Well, we had been rolling and creaking on our way whilst this talk had been going forward, and as we reached the base of the mountains we could hear the rumbling of cannon far away upon the right. This came from Massena, who was, as I knew, besieging Ciudad Rodrigo. There was nothing I should have wished better than to have gone straight to him, for if, as some said, he had Jewish blood in his veins, he was the best Jew that I have heard of since Joshua's time. If you were in sight of his beaky nose and bold, black eyes, you were not likely to miss much of what was going on. Still, a siege is always a poor sort of a pick-and-shovel business, and there were better prospects with my hussars in front of the English. Every mile that passed, my heart grew lighter and lighter, until I found myself shouting and singing like a young ensign fresh from St Cyr, just to think of seeing all my fine horses and my gallant fellows once more.
As we penetrated the mountains the road grew rougher and the pass more savage. At first we had met a few muleteers, but now the whole country seemed deserted, which is not to be wondered at when you think that the French, the English, and the guerillas had each in turn had command over it. So bleak and wild was it, one great brown wrinkled cliff succeeding another, and the pass growing narrower and narrower, that I ceased to look out, but sat in silence, thinking of this and that, of women whom I had loved and of horses which I had handled. I was suddenly brought back from my dreams, however, by observing the difficulties of my companion, who was trying with a sort of brad-awl, which he had drawn out, to bore a hole through the leathern strap which held up his water-flask. As he worked with twitching fingers the strap escaped his grasp, and the wooden bottle fell at my feet. I stooped to pick it up, and as I did so the priest silently leaped upon my shoulders and drove his brad-awl into my eye!
My friends, I am, as you know, a man steeled to face every danger. When one has served from the affair of Zurich to that last fatal day of Waterloo, and has had the special medal, which I keep at home in a leathern pouch, one can afford to confess when one is frightened. It may console some of you, when your own nerves play you tricks, to remember that you have heard even me, Brigadier Gerard, say that I have been scared. And besides my terror at this horrible attack, and the maddening pain of my wound, there was a sudden feeling of loathing such as you might feel were some filthy tarantula to strike its fangs into you.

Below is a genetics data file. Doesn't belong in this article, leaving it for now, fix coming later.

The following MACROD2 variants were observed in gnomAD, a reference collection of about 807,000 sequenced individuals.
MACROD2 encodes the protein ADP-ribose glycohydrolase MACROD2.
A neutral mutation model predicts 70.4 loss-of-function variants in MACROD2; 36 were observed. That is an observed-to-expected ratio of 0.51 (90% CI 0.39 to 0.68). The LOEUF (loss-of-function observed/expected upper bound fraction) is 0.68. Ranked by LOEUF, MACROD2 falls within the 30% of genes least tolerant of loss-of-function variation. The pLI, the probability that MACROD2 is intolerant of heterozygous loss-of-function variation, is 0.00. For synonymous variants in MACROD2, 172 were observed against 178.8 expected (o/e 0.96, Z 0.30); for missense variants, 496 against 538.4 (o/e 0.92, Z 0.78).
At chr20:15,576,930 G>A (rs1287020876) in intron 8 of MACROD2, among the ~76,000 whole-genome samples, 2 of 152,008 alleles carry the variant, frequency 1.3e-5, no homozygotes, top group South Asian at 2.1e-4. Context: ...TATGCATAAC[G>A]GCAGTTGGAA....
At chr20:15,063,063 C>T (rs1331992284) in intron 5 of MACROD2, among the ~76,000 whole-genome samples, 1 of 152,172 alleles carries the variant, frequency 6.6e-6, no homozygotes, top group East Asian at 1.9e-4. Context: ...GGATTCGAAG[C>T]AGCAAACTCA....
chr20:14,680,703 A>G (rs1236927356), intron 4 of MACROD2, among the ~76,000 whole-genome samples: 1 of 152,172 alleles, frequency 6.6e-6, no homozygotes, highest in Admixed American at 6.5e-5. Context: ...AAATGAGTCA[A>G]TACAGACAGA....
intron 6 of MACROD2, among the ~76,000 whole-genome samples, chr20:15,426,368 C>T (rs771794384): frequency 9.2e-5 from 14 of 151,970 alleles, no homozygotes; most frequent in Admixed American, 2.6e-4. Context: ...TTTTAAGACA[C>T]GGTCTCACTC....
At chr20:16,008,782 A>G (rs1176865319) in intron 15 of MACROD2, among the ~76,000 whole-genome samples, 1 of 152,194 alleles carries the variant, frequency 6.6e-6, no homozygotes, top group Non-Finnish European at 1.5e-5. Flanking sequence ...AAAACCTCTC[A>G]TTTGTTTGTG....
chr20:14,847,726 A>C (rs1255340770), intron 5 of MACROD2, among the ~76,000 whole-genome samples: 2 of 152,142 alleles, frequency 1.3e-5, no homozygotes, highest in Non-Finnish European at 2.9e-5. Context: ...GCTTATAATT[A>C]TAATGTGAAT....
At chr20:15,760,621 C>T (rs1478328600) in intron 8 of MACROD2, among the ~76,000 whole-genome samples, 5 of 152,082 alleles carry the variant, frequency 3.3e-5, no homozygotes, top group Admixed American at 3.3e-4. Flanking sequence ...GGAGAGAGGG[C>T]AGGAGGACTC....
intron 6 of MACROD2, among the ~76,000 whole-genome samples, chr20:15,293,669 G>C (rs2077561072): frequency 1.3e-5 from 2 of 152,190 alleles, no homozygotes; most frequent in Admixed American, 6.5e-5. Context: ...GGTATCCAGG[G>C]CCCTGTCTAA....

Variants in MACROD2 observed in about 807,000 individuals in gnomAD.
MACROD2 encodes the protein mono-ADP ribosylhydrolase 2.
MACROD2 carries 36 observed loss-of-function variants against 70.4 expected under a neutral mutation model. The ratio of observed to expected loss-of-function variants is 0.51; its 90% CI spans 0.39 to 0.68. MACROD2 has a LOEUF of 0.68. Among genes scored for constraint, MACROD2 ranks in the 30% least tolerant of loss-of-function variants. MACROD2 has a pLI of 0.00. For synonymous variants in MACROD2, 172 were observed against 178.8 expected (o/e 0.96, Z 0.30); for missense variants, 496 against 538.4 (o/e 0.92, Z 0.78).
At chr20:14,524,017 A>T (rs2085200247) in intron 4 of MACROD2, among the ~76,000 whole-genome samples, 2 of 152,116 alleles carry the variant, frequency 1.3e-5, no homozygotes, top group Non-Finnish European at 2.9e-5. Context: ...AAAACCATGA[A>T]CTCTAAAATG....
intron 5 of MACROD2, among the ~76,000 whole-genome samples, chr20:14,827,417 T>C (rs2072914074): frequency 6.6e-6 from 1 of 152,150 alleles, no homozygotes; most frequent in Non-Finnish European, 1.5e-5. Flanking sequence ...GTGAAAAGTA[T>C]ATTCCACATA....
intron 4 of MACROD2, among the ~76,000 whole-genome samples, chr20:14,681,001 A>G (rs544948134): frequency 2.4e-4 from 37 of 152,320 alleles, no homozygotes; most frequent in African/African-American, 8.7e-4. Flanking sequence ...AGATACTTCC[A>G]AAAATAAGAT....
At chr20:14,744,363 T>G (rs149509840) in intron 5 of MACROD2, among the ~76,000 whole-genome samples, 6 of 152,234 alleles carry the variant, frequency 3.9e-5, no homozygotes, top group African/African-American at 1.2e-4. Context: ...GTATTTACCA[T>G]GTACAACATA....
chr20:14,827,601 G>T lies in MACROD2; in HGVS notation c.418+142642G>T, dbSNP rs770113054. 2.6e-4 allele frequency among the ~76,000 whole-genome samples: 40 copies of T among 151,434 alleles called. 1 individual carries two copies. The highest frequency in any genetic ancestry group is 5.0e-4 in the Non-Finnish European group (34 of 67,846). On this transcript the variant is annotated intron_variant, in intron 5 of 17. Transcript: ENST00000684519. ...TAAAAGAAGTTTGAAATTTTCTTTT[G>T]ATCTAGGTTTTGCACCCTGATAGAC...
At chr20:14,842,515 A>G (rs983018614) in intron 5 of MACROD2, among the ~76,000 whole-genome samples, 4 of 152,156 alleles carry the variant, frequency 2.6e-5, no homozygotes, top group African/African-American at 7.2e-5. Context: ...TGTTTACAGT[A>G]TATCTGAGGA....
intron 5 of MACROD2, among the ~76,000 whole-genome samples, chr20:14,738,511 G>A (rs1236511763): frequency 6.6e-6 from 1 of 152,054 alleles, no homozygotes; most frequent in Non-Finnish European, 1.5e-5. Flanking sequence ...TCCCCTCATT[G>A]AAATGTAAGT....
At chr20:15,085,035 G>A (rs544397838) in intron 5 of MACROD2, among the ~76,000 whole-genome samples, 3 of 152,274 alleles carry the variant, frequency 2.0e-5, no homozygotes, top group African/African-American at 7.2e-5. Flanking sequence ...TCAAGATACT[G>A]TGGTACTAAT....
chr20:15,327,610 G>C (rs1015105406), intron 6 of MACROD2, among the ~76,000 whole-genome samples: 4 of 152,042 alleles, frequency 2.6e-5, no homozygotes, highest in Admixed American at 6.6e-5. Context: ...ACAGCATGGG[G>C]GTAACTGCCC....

I clutched the creature in both hands, and, hurling him on to the floor of the coach, I stamped on him with my heavy boots. He had drawn a pistol from the front of his soutane, but I kicked it out of his hand, and again I fell with my knees upon his chest. Then, for the first time, he screamed horribly, while I, half blinded, felt about for the sword which he had so cunningly concealed. My hand had just lighted upon it, and I was dashing the blood from my face to see where he lay that I might transfix him, when the whole coach turned partly over upon its side, and my weapon was jerked out of my grasp by the shock.
Before I could recover myself the door was burst open, and I was dragged by the heels on to the road. But even as I was torn out on to the flint stones, and realized that thirty ruffians were standing around me, I was filled with joy, for my pelisse had been pulled over my head in the struggle and was covering one of my eyes, and it was with my wounded eye that I was seeing this gang of brigands. You see for yourself by this pucker and scar how the thin blade passed between socket and ball, but it was only at that moment, when I was dragged from the coach, that I understood that my sight was not gone for ever. The creature's intention, doubtless, was to drive it through into my brain, and indeed he loosened some portion of the inner bone of my head, so that I afterwards had more trouble from that wound than from any one of the seventeen which I have received.